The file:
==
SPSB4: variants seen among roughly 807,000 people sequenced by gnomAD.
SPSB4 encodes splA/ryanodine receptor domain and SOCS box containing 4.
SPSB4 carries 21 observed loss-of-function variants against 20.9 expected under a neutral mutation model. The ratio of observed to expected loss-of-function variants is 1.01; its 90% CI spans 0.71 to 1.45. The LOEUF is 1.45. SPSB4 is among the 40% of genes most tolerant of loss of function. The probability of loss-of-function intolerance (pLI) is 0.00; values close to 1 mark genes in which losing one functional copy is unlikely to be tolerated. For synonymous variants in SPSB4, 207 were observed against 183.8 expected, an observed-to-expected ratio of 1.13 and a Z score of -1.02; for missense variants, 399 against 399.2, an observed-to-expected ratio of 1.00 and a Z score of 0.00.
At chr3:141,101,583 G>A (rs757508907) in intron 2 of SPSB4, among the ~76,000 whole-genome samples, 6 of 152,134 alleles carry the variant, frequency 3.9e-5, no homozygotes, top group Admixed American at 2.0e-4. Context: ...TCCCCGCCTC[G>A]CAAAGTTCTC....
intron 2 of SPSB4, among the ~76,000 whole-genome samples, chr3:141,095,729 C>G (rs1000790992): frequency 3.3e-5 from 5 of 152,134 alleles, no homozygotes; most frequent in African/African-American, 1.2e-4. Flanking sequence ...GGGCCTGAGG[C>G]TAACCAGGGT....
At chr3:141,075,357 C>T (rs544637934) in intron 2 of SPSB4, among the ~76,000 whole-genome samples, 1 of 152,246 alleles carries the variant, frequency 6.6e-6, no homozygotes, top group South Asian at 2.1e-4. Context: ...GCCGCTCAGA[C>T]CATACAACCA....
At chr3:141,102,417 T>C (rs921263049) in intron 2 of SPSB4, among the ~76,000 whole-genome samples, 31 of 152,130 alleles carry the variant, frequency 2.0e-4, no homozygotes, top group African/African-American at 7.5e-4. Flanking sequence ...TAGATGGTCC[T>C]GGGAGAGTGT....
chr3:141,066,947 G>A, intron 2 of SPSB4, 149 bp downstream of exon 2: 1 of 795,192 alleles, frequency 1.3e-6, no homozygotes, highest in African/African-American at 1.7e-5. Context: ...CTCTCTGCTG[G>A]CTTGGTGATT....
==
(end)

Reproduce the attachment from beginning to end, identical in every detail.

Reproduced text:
SPSB4: variants seen among roughly 807,000 people sequenced by gnomAD.
SPSB4 encodes splA/ryanodine receptor domain and SOCS box containing 4.
SPSB4 carries 21 observed loss-of-function variants against 20.9 expected under a neutral mutation model. The ratio of observed to expected loss-of-function variants is 1.01; its 90% CI spans 0.71 to 1.45. The LOEUF is 1.45. SPSB4 is among the 40% of genes most tolerant of loss of function. The probability of loss-of-function intolerance (pLI) is 0.00; values close to 1 mark genes in which losing one functional copy is unlikely to be tolerated. For synonymous variants in SPSB4, 207 were observed against 183.8 expected, an observed-to-expected ratio of 1.13 and a Z score of -1.02; for missense variants, 399 against 399.2, an observed-to-expected ratio of 1.00 and a Z score of 0.00.
At chr3:141,101,583 G>A (rs757508907) in intron 2 of SPSB4, among the ~76,000 whole-genome samples, 6 of 152,134 alleles carry the variant, frequency 3.9e-5, no homozygotes, top group Admixed American at 2.0e-4. Context: ...TCCCCGCCTC[G>A]CAAAGTTCTC....
intron 2 of SPSB4, among the ~76,000 whole-genome samples, chr3:141,095,729 C>G (rs1000790992): frequency 3.3e-5 from 5 of 152,134 alleles, no homozygotes; most frequent in African/African-American, 1.2e-4. Flanking sequence ...GGGCCTGAGG[C>G]TAACCAGGGT....
At chr3:141,075,357 C>T (rs544637934) in intron 2 of SPSB4, among the ~76,000 whole-genome samples, 1 of 152,246 alleles carries the variant, frequency 6.6e-6, no homozygotes, top group South Asian at 2.1e-4. Context: ...GCCGCTCAGA[C>T]CATACAACCA....
At chr3:141,102,417 T>C (rs921263049) in intron 2 of SPSB4, among the ~76,000 whole-genome samples, 31 of 152,130 alleles carry the variant, frequency 2.0e-4, no homozygotes, top group African/African-American at 7.5e-4. Flanking sequence ...TAGATGGTCC[T>C]GGGAGAGTGT....
chr3:141,066,947 G>A, intron 2 of SPSB4, 149 bp downstream of exon 2: 1 of 795,192 alleles, frequency 1.3e-6, no homozygotes, highest in African/African-American at 1.7e-5. Context: ...CTCTCTGCTG[G>A]CTTGGTGATT....